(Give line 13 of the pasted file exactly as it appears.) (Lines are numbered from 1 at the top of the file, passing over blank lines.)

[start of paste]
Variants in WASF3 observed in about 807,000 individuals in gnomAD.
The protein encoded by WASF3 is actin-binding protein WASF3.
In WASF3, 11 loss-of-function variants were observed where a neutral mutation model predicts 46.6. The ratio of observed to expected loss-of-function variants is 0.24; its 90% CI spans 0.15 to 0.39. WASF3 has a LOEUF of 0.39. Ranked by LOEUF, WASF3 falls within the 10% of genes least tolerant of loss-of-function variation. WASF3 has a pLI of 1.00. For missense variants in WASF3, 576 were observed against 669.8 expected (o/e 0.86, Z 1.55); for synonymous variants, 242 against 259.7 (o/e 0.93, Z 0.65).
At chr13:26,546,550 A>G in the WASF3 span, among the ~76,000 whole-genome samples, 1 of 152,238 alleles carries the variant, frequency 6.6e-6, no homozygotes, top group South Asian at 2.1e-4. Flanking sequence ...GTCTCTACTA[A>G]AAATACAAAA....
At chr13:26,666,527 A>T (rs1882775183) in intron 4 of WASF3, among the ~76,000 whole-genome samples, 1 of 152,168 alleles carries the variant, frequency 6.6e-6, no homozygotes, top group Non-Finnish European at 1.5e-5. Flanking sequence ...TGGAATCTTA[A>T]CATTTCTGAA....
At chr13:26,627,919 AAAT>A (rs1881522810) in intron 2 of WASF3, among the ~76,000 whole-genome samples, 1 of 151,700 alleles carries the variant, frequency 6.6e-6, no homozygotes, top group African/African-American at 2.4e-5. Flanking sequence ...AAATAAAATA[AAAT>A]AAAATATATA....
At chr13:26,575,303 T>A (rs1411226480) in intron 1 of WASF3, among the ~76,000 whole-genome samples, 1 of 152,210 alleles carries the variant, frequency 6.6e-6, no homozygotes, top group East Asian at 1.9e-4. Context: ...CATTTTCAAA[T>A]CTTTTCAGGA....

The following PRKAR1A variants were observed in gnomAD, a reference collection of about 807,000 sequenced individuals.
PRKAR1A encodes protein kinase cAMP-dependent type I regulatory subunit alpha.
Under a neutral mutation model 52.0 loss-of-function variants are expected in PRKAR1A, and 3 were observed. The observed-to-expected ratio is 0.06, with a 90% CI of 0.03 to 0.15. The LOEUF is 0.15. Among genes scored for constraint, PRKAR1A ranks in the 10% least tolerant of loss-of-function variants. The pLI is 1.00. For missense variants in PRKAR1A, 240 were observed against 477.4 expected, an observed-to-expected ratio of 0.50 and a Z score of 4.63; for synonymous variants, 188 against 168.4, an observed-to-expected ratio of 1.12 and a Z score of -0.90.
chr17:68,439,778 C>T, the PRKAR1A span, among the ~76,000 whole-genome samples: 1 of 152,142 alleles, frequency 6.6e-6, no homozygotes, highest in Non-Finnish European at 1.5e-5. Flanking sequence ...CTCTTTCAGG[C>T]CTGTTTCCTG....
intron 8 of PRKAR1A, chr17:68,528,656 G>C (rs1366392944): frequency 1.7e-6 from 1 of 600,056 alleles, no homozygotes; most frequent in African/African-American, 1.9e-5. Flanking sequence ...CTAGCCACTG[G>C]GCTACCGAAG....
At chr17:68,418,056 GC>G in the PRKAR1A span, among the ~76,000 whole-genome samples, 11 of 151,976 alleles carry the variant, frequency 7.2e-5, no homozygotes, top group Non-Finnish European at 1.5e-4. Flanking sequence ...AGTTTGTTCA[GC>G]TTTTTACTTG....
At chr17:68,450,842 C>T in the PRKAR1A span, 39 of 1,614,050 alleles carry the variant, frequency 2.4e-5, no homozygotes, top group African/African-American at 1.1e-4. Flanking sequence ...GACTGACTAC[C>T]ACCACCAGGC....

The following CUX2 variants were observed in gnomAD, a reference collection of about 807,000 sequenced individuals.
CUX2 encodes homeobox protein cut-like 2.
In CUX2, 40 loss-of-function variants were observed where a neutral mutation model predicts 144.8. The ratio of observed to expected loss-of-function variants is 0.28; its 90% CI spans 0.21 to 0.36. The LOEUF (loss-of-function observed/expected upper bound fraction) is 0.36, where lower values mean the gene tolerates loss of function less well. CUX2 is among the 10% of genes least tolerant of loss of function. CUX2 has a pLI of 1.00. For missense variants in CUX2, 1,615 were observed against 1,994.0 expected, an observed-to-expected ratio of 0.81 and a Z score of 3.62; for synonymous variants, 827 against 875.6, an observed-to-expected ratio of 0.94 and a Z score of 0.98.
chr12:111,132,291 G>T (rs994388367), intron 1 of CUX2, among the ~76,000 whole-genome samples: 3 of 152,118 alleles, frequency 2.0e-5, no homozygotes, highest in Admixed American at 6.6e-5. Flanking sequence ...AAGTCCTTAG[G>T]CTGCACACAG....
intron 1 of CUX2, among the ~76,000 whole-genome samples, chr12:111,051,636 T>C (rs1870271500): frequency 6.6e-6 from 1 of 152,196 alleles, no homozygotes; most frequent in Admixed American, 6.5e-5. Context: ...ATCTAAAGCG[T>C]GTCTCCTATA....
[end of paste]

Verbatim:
At chr17:68,418,056 GC>G in the PRKAR1A span, among the ~76,000 whole-genome samples, 11 of 151,976 alleles carry the variant, frequency 7.2e-5, no homozygotes, top group Non-Finnish European at 1.5e-4. Flanking sequence ...AGTTTGTTCA[GC>G]TTTTTACTTG....